It is working with Georgia Quick Start, which delivers training in classrooms, mobile labs or on plant floors, to provide leadership training. The company has also made arrangements with Embry-Riddle Aeronautical University to offer master’s degree programs for engineers who qualify for extra tuition reimbursement, and with local Savannah Technical College to offer skill-building classes “with the intent of potentially hiring the program graduates.”

When Duncan Aviation, headquartered in Lincoln, Neb., was forced to adopt layoffs, it offered severance packages, assistance with counseling services, grief management, training, résumé writing, networking and job hunting. Today, with the market improving, Duncan has begun hiring and saw its workforce grow approximately 6.7 percent last year.

Further, Duncan is seeking to hire the best skilled people with an attitude that fits its corporate culture. “All things being equal, the candidate with prior experience at Duncan Aviation will be given preferential consideration.” Duncan has rehired about 13 percent of those who were laid off or furloughed.

Looking at such key growth indicators as customer feedback, requests for information and quotations, as well as a growing backlog, Duncan has established alliances with colleges in Nebraska and Michigan, and Duncan employees serve on the board of advisors at the schools.

Greenpoint Technologies, an independent completion and refurbishment center in Kirkland, Wash., is hiring, but carefully, “to match our staffing to our workload,” said head of sales and marketing Christine Hadley. She said the center is not finding it difficult to find technical talent, but she emphasized that it is also important that those hired understand and embrace the corporate culture at Greenpoint of “a highly productive, customer-centric team.”

(Partnerships to boost the base of trained mechanics exist elsewhere as well. AAR has teamed with the city of Chicago to create ab initio maintenance training programs.)

Indications are that while an industry recovery is slow, and may be somewhat lengthy, it is happening and it is evident in the gradual growth in hiring. What is less clear is to what degree and how quickly demand for skilled and experienced employees will surpass the available worker pool.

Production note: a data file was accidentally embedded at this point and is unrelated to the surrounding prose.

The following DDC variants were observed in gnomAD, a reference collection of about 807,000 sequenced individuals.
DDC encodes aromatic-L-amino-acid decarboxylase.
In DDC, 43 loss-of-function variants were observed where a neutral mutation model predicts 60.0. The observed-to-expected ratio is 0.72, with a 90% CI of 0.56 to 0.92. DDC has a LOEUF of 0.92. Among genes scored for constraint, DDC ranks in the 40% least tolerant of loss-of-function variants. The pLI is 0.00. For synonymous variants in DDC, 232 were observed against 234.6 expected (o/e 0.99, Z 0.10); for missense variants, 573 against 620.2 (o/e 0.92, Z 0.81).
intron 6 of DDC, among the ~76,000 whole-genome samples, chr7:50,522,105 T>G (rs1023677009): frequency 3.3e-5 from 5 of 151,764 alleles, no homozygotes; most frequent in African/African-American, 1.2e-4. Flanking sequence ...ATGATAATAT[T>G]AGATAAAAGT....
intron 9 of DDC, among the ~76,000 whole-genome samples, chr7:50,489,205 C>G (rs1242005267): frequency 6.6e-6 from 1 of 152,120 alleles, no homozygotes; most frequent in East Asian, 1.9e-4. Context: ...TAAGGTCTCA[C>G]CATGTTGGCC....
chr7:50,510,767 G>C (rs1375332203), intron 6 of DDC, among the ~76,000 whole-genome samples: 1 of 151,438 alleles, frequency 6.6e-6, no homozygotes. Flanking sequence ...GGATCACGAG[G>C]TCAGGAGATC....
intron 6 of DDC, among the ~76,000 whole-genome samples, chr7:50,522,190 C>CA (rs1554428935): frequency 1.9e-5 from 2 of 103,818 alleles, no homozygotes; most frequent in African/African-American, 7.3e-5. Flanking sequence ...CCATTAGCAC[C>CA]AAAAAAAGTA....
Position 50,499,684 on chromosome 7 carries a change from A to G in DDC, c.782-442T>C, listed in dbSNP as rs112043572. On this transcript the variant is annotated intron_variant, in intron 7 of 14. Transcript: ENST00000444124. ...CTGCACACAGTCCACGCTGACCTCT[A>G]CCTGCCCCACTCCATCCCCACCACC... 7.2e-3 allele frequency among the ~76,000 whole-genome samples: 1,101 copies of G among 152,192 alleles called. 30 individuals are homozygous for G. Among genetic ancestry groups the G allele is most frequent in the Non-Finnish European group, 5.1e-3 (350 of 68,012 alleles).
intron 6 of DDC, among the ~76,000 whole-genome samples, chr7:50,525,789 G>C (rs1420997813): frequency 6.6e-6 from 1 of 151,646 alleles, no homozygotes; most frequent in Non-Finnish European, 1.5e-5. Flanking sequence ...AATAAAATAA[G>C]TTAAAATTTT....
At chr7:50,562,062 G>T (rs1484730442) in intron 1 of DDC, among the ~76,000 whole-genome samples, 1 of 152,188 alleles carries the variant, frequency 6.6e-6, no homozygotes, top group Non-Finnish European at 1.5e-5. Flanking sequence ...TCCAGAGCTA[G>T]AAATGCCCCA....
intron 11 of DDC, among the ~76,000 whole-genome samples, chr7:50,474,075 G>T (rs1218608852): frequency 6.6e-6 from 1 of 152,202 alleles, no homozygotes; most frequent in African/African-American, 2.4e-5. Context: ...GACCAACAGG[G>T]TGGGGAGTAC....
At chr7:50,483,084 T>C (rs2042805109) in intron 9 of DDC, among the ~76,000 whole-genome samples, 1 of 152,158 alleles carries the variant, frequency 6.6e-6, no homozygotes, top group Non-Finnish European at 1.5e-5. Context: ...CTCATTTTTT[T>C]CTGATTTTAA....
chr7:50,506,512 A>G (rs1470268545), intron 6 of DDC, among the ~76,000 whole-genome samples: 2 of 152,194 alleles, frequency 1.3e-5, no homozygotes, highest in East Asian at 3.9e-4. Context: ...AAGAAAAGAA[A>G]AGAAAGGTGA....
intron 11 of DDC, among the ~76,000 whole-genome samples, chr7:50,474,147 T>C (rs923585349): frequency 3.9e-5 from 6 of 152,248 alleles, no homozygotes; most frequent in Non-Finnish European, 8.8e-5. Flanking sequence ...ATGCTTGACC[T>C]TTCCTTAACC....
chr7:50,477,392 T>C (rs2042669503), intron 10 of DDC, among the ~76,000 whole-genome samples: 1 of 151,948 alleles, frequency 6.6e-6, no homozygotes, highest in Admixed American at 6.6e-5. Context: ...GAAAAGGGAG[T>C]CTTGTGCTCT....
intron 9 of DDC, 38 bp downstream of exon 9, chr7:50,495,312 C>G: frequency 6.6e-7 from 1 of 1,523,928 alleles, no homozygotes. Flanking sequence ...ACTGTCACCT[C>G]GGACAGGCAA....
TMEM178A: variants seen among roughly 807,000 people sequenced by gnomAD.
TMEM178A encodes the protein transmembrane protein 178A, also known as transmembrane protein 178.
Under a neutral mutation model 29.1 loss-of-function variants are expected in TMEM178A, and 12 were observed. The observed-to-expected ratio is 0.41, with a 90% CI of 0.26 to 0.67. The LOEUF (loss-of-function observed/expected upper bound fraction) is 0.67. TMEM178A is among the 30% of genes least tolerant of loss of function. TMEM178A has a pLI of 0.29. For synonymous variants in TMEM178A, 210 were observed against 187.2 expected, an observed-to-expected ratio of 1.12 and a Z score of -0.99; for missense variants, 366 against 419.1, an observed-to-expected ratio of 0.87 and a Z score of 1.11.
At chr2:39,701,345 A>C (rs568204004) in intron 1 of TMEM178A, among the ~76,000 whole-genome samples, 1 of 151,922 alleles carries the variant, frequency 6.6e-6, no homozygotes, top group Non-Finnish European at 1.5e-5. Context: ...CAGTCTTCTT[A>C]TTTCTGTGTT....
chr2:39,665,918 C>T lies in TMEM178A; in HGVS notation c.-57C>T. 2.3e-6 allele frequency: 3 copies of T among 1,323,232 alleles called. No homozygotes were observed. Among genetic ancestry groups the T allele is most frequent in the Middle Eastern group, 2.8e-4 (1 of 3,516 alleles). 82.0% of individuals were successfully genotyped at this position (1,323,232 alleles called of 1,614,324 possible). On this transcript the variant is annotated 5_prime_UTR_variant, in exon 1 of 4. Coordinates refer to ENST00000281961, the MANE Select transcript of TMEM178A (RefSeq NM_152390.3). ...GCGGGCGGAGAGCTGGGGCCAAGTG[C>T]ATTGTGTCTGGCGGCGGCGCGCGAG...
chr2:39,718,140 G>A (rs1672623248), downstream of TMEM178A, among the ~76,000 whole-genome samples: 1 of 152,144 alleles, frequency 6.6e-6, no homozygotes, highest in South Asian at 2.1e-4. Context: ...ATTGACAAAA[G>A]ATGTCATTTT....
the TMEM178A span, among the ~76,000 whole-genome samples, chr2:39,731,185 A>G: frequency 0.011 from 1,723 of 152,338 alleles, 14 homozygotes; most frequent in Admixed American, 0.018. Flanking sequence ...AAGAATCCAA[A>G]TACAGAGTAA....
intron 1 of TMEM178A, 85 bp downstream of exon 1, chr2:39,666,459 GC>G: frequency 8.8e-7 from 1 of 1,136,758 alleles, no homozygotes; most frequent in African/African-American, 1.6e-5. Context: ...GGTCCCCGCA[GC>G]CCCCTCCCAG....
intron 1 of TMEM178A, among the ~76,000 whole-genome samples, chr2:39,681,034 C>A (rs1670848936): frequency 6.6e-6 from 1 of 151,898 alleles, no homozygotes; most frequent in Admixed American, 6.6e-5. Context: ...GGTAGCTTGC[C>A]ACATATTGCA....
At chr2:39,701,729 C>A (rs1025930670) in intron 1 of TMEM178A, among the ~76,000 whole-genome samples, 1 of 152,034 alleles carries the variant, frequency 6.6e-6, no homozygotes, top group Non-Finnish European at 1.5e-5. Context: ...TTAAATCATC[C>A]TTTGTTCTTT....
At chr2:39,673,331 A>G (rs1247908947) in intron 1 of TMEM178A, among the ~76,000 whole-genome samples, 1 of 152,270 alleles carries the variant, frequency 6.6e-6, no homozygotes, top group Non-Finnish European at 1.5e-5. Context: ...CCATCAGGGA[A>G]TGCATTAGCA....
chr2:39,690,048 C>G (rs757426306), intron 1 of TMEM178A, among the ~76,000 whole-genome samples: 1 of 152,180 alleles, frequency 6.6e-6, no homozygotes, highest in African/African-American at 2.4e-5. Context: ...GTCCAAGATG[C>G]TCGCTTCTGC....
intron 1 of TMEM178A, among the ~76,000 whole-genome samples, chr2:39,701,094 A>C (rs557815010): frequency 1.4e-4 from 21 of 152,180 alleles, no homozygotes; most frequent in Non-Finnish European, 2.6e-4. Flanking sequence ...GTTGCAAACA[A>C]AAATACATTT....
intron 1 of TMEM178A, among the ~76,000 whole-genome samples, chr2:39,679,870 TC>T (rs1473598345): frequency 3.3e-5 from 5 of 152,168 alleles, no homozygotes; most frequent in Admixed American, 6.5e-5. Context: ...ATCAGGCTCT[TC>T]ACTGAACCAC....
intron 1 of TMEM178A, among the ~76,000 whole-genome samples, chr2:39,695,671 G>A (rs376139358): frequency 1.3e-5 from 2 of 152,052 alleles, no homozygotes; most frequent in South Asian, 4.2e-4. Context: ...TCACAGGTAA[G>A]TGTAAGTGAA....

Jones at AIM said the institution expects approximately 1,750 people to graduate this year, with about 65 to 70 percent going into aviation. He added that those who want jobs in aviation will be able to get jobs, “If they’re willing to go where there are jobs.”

Will that change? Dale Forton, president of the Professional Aviation Maintenance Association in Ionia, Mich., notes that about 80 percent of the A&P community is between the ages of 40 and 65 and over the next 20 years “those people are going away.” But that’s the long term.

Another long-term look, said Forton, came from Boeing, which last year estimated a need through 2030 for 650,000 A&Ps worldwide, approximately 32,000 of them in corporate aviation.

In the short term, there is yet another factor to be considered, and that is an end to the war in Iraq and the numbers of highly skilled aviation mechanics who will be leaving the military as their enlistments expire and looking to enter the civilian job market. “It may not be a dramatic number, but it is there,” said Kythreotis.

In the meantime, said Forton, the industry can be thankful that the slow recovery is–for the moment–keeping demand from rising too sharply.

Comments

DOUG MCCOLLUM's picture

NICK,

THIS ARTICLE IS CONSISTENT WITH MY COMMENTS/PREDICTIONS TO YOU ON OPPORTUNITIES IN GENERAL AVIATION.

DAD

Jeff's picture

The U.S. Bureau of Labor and Statistics is forecasting for the need of A&P's to be flat (just a 7% increase) over the next 10 years. With the number of A&P schools that have closed due to low enrollment and a decade of upheaval in the airline industry, I think its anyone guess as to what the future looks like. Most recent graduates that I know are not finding good options for earning livable wages in either A&P or flight. Combine that with the level of college debt and its a recipe for disillusionment. Hopefully A&P's will fare better than pilots, where the perceived pilot shortage seems to translate in to a lack of highly qualified pilots unwilling to work for free.
ATP,CFII, MEI, A&P, IA, FCC GROL (now working in a non-aviation role)

LouE ( Interior Tech)'s picture

I have been saying this for quiet some time their is going to be a shortage of skilled techs (craftsman) for the Business Jets . .As I see Completions Centers/MRO's expanding ,building new hanger space.Awaiting BBJ 747-800Vip/787 Dreamliners and BBJn 737 on their 12 yrs cycle .Refurbs. Having been an Interior Tech(VIP)
25+yrs. I've been to several Completion Centers and they are in dire need Exp.
Interior Techs.Following the industry myself,I was getting calls through the Holiday.Normally it's slow from mid Dec.-Jan not the case this time around. Rate's
have been ticking upward as well ! Supply and Demand. I believe demand will out pace supply. Job listings on www.jsfirm.com have increased also.
Thanks for the artical well needed.
LouE Vip Interior Tech
www.vipjettech.com

Fred's picture